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The Ogichidaakwe (Grand Chief) and Chiefs of Treaty 3 file Judicial Review related to five north west Ontario hydro generating plants.

Thursday, September 1st 2011 10:32:13am

Media Release

Calm Lake, Sturgeon Falls, Fort Frances, Kenora, and Norman hydroelectric generating station are the focus

(Queen's Park/Toronto, Sept.1, 2011) An application for Judicial Review was filed earlier today with the Divisional Court of the Ontario Superior Court of Justice on behalf of all members of the Anishinaabe Nation in Treaty 3 against the Province of Ontario as represented by the Ontario Minister of Energy and the Ontario Power Authority (OPA).  

The Judicial Review is being initiated by Grand Council Treaty #3, Ogichidaakwe (Grand Chief) Diane Kelly of the Onigaming First Nation, Chief Lorraine Cobiness of the Ochiichagwe'babigo'ining First Nation, Chief Janice Henderson of the Mitaanjigamiing First Nation, Chief Kimberley Sandy-Kasprick of the Northwest Angle #33 First Nation, and Chief Earl Klyne of the Seine River First Nation. Collectively the Chiefs have been authorized to bring this application on behalf of all members of the Anishinaabe Nation in Treaty 3.

The Grand Council and the Chiefs seek to judicially review the government's failure to consult and accommodate the Anishinaabe's Aboriginal and treaty harvesting rights in developing and implementing the Province's Hydroelectric Contract Initiative (HCI).  The OPA awarded a HCI contract to ACH (Calm Lake, Sturgeon Falls, Fort Frances, Kenora, and Norman Generating Stations), and consented to a change in control of ACH Limited Partnership (ACH) under ACH’s HCI Contract. As of May 2011, ACH is owned by Calgary-based BluEarth Renewables Inc.

The Judicial Review alleges that the government owed constitutional duties to consult with and accommodate the Anishinaabe Nation before it took these actions, because these actions have the potential to cause new adverse impacts to Aboriginal and treaty harvesting rights.

Treaty 3 Ogichidaakwe (Grand Chief) Diane Kelly contends, "The Province and the OPA were aware of the Anishinaabe Nation's Aboriginal and Treaty Rights. They also knew that operations of the ACH Generating Stations and related dams had caused damage. It was reasonable to expect that terms of the HCI agreements would lead to new and potentially increased damages, such as more deleterious flooding related impacts on Lake Sturgeon (listed by the Committee on the Status of Endangered Wildlife in Canada (COSEWIC) and on a traditional staple of the Anishinaabe culture, Manomin (commonly called Wild rice, Zizania palustris) which has altered our way of life and our ability to take part in our traditional economy."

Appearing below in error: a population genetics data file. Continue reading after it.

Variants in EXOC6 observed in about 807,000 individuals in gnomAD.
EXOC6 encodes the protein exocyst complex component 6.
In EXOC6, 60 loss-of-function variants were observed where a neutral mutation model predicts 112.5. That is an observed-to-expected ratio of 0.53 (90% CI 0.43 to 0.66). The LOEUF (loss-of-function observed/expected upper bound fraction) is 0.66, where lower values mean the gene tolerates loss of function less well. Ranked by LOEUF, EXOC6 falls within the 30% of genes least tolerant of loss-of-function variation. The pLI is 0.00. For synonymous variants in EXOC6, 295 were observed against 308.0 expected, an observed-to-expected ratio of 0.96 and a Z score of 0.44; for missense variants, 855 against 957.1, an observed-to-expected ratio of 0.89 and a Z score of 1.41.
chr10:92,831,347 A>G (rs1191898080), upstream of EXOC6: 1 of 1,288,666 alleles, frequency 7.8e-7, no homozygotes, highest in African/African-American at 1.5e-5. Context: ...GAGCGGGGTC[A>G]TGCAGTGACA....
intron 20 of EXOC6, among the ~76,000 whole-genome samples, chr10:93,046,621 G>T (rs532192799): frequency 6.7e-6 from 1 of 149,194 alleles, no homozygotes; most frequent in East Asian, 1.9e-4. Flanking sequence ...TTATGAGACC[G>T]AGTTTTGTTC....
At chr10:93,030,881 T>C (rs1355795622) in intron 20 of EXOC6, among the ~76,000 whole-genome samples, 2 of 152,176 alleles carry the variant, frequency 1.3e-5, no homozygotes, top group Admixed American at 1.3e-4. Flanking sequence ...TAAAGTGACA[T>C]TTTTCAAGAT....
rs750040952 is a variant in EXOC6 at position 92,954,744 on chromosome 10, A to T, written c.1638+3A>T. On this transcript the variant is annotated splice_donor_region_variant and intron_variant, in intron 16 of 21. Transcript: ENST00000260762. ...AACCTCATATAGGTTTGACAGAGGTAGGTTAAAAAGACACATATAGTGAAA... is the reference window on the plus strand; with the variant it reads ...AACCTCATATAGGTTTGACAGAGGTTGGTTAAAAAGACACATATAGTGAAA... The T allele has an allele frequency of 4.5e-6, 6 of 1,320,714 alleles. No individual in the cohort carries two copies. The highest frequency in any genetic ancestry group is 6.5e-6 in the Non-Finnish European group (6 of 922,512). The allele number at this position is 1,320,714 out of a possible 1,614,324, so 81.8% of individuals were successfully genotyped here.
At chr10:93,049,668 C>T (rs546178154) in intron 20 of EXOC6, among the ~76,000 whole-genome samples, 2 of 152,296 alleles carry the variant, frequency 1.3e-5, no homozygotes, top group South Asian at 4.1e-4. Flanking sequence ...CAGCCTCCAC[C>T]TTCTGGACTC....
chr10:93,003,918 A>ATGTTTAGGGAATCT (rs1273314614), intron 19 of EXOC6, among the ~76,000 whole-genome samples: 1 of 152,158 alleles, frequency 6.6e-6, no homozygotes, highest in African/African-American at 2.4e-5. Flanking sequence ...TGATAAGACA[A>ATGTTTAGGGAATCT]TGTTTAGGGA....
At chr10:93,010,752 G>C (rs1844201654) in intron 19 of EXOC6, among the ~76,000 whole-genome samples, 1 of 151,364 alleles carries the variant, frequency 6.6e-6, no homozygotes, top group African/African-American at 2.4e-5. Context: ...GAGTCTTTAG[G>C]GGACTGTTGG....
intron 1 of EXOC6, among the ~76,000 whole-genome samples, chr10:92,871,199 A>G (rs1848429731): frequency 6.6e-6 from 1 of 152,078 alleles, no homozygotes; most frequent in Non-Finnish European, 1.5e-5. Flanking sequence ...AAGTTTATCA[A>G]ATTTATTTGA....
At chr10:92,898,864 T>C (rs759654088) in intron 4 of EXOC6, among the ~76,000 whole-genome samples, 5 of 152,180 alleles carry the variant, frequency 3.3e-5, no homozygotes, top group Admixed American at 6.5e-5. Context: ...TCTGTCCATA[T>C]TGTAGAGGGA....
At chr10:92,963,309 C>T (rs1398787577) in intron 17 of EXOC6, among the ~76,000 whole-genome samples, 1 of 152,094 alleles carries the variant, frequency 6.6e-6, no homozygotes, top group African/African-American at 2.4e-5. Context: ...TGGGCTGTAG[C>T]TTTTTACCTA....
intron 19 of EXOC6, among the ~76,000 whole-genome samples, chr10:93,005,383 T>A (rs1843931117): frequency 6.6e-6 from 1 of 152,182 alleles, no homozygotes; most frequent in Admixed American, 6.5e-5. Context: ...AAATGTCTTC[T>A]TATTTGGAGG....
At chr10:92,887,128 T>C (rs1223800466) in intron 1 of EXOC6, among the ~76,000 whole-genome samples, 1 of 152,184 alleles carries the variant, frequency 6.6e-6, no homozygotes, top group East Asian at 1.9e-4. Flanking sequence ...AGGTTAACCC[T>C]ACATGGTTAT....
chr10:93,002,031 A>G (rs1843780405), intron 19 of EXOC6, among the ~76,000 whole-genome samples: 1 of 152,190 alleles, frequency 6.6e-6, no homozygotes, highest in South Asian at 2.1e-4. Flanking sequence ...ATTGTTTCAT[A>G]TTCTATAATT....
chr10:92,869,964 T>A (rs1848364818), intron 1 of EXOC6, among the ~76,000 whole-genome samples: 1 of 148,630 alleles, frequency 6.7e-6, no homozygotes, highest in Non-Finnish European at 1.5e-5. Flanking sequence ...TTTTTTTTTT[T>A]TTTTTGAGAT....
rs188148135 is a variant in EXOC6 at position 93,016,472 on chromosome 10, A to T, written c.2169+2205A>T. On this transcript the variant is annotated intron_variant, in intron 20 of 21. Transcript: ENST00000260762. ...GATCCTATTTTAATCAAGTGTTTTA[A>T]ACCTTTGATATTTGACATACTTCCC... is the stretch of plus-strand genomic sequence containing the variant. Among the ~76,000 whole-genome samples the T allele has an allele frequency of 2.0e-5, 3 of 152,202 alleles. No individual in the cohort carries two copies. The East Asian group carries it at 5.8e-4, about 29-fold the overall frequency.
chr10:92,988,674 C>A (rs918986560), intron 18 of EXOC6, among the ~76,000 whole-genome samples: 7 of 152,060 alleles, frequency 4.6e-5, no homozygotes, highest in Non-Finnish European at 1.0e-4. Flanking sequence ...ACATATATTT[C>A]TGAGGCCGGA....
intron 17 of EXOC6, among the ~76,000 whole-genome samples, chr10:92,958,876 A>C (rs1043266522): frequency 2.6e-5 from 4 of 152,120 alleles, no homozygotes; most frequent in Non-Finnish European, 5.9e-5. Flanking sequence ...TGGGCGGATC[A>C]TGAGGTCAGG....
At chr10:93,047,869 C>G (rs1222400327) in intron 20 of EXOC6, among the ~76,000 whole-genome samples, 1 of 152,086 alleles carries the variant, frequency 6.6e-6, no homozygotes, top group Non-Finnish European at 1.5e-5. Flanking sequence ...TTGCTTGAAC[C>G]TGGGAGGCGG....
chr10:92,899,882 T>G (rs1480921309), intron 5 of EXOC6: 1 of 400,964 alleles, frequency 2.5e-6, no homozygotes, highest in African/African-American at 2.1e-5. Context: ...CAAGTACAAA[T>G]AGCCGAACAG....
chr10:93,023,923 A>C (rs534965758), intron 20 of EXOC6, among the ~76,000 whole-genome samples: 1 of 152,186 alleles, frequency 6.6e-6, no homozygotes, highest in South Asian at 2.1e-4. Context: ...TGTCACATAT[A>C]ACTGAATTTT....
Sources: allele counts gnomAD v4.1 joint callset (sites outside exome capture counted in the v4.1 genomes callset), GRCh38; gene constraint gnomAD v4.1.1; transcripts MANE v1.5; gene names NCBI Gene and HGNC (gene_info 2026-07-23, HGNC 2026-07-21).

Chief Janice Henderson of the Mitaanjigamiing First Nation stated, "The impact of dam operations and expansion on our wild rice, fishing, and trapping is of significant importance to the Anishinaabe Nation in Treaty 3.  We feel we are a crucial period in our history and must stand up and protect our rights, claims and interests to govern, manage and ensure the sustainability of the traditional practice of ricing within all Treaty 3 communities. Especially, within the Lake of the Woods and Rainy Lake watersheds."

Chief Earl Klyne of the Seine River First Nation outlined how, "On May 27, 2011 Abitibi’s dams in Treaty 3 were sold without meaningful consultation with the Anishinaabe Nation in Treaty 3, or any Crown efforts to protect, accommodate or compensate Treaty 3 Anishinaabe communities for new impacts caused by the sale of the dams made possible by the HCI contract." He went on to explain, "Treaty 3 communities have become more and more difficult to administer and manage, in part because of the expense of home heating and electricity. This situation exists despite there being large hydro-electric generating dams within Treaty 3 territory."

Grand Chief Kelly observed, "We are very concerned that the Minister of Energy and the OPA intervened on behalf of the Abitibi dams to cause new impacts to our rights and interests. The government action should not have occurred without consulting us.  The HCI contract set the stage for new ownership and new impacts from these dams." She concluded by saying, "The Minister of Energy acted dishonorably by ignoring our claims, rights and inherent jurisdiction. This is why we have retained lawyers, David Estrin and Scott Smith of Gowlings and are seeking the judicial review of the decisions and actions of the Minister of Energy and the OPA at the Ontario Divisional Court in this matter."

For more information, or to arrange interviews, please contact:
Donna Anderson (807) 548-4214 x. 2241, email: donna.anderson@treaty3.ca.

Map available.

ACH dams: Calgary based BluEarth Renewables Inc. announced it had acquired ACH Limited Partnership stocks in May 2011. Previously owned by Abitibi Bowater and the Caisse de depot et placement du Quebec, the ACH suite of dams includes eight hydroelectric plants (five in Treaty 3 territory) that supply a total capacity of 131 megawatts in Ontario. These plants have approximately 19 years remaining in a 20-year power purchase agreement with the Ontario Power Authority, and will generate long-term stable cash flows for BluEarth.

Grand Council Treaty #3 is the historic government of the Anishinaabe Nation in Treaty 3 and is the political government for the 28 First Nations in the treaty area.  The area of Treaty 3 within the Province of Ontario can be described in general  terms as the lands and waters in and about Lake of the Woods watershed, including the Rainy River and the lands below the height of land separating the Hudson Bay and Lake Winnipeg watershed.

The treaty area includes 26 First Nations in Northwestern Ontario and 2 First Nations in Manitoba.